Part of Lincoln's rise to political greatness had to do with the rise of the Republican Party as a whole. Unlike past leaders of the Party, Lincoln believed that American democracy should fear the public's indifference to the vital issues at play, rather than a revolution. This belief demonstrated how Lincoln never lost sight of his responsibility to cultivate a new public philosophy in the country. In order to bridge the differences between the North and the South, Lincoln had to devise a plan that would not only please both sides; he would have to maintain his firm stance with the law and its restrictions. (Landy and Milkis 115-18).

Lincoln's immortality as president has much to do with the supreme constitutional crisis the nation faced on his watch. The States were separating based on disagreements regarding slavery and other controversial issues. Thus, during this time, Lincoln was forced to stand strong beside the constitution. Therefore, rather than devoting the war to slavery, Lincoln named the war one to preserve American democracy and the Constitution. Abraham Lincoln represented the Union and was forced to create a solution that would bridge the two extremes together into one united nation. This proved to be an extremely difficult task because each side was adamant about its beliefs and refused to compromise. Lincoln himself believed that compromise rewarded extortion and a country could not be lead with extortion as the only way to solve problems. This ideal established Lincoln as a noble and confident leader, which allowed citizens to have confidence in him and his decisions.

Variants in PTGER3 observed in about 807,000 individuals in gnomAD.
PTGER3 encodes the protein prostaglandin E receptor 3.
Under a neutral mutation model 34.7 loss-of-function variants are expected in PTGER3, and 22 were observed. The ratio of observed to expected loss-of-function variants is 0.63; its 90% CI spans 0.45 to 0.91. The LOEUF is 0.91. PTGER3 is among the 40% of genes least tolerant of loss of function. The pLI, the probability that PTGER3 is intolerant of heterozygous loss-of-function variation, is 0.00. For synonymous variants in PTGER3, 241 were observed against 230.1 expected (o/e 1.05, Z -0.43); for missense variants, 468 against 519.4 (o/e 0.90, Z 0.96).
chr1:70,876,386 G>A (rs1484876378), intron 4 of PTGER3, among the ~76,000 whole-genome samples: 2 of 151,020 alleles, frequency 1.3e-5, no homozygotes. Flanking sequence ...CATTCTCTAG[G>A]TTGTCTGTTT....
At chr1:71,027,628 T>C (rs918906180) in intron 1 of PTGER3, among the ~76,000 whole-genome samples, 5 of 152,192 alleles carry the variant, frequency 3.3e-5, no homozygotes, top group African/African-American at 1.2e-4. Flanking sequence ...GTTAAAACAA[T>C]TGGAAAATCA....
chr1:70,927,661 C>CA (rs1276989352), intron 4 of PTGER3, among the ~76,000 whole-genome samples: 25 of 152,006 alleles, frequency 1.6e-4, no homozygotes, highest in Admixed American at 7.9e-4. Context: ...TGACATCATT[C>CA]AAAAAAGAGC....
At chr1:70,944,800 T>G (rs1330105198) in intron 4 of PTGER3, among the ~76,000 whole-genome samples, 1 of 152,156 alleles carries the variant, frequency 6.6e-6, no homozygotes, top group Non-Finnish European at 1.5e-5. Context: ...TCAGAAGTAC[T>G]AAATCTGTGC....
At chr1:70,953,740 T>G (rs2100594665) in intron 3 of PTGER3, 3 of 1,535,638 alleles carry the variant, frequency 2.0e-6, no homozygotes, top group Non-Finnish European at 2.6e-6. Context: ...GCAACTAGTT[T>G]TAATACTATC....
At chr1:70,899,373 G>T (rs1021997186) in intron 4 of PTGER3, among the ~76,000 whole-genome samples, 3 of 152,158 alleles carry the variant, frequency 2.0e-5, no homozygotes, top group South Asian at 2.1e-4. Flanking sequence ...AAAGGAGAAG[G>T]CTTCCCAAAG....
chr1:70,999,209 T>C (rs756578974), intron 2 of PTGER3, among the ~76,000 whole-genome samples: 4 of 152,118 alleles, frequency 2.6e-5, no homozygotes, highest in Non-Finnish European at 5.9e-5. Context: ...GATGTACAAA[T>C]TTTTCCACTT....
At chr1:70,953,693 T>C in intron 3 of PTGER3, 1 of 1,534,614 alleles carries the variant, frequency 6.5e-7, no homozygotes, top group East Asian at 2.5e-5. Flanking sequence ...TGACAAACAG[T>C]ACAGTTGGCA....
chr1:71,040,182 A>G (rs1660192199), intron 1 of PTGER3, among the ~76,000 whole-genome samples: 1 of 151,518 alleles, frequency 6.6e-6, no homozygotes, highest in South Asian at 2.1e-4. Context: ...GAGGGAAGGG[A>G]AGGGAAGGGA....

Strictly abiding by the law in a time of war, Lincoln accommodated both sides of the now separated country, even if the law did not coincide with his own personal beliefs. He put a complacent country before a pleased North because he believed the country could not stand divided. Though Lincoln believed himself to be born naturally anti-slavery, Lincoln also understood that his own ideals could not completely coincide with the beliefs of the country as a whole; he realized that abolition was not within his constitutional rights as president of the Union. However, though Lincoln's respect for the limits imposed by the Constitution dissuaded him from attacking the existence of slavery in the southern states, he was not willing to tolerate slavery's extension into Union territory. (Landy and Milkis 121). This decision allowed him to hold the position both as a strictly law-abiding president, and a radical, faithful to the views of the Union.

Eventually, however, Lincoln realized that it was no longer enough to confine slavery. As revealed in his address to Congress in 1862, Lincoln realized that emancipation was necessary to save the Union:

"In giving freedom to the slave, we assure freedom to the free--honorable alike in what we give, and what we preserve. We shall nobly save, or meanly lose the last best hope of earth." (American President)

Above all Lincoln was a, "'conservative revolutionary' who wanted to preserve the Union as a revolutionary heritage of the founders." (Landy and Milkis 114). Lincoln's purpose was made most clear in his Gettysburg Address, delivered shortly after the Union had defeated Confederate invasion at Gettysburg, Pennsylvania:

"...Now we are engaged in a great civil war, testing whether that nation or any nation so conceived and so dedicated can long endure...- that this nation, under God, shall have a new birth of freedom - and that government of the people, by the people, for the people, shall not perish